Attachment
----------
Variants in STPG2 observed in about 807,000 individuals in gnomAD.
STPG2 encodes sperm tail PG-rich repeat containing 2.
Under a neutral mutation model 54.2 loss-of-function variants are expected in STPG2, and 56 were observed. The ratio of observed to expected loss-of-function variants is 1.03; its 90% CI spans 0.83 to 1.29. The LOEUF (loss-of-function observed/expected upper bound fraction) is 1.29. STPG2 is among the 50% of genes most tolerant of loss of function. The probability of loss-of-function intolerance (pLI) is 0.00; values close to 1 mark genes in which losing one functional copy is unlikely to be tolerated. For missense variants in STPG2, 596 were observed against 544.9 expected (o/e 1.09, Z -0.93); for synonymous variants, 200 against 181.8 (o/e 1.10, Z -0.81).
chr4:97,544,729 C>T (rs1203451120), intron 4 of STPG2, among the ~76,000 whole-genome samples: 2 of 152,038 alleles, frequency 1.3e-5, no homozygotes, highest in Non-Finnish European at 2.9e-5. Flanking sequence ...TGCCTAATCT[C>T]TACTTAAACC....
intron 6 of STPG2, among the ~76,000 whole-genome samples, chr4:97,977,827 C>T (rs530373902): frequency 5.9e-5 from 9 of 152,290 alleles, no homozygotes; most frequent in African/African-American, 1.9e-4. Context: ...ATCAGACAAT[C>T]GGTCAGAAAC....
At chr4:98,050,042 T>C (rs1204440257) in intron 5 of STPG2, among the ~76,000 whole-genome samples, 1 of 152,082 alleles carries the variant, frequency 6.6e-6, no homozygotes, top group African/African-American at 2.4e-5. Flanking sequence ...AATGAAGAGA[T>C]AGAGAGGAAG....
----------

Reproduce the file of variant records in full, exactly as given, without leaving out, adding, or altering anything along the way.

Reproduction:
Variants in STPG2 observed in about 807,000 individuals in gnomAD.
STPG2 encodes sperm tail PG-rich repeat containing 2.
Under a neutral mutation model 54.2 loss-of-function variants are expected in STPG2, and 56 were observed. The ratio of observed to expected loss-of-function variants is 1.03; its 90% CI spans 0.83 to 1.29. The LOEUF (loss-of-function observed/expected upper bound fraction) is 1.29. STPG2 is among the 50% of genes most tolerant of loss of function. The probability of loss-of-function intolerance (pLI) is 0.00; values close to 1 mark genes in which losing one functional copy is unlikely to be tolerated. For missense variants in STPG2, 596 were observed against 544.9 expected (o/e 1.09, Z -0.93); for synonymous variants, 200 against 181.8 (o/e 1.10, Z -0.81).
chr4:97,544,729 C>T (rs1203451120), intron 4 of STPG2, among the ~76,000 whole-genome samples: 2 of 152,038 alleles, frequency 1.3e-5, no homozygotes, highest in Non-Finnish European at 2.9e-5. Flanking sequence ...TGCCTAATCT[C>T]TACTTAAACC....
intron 6 of STPG2, among the ~76,000 whole-genome samples, chr4:97,977,827 C>T (rs530373902): frequency 5.9e-5 from 9 of 152,290 alleles, no homozygotes; most frequent in African/African-American, 1.9e-4. Context: ...ATCAGACAAT[C>T]GGTCAGAAAC....
At chr4:98,050,042 T>C (rs1204440257) in intron 5 of STPG2, among the ~76,000 whole-genome samples, 1 of 152,082 alleles carries the variant, frequency 6.6e-6, no homozygotes, top group African/African-American at 2.4e-5. Flanking sequence ...AATGAAGAGA[T>C]AGAGAGGAAG....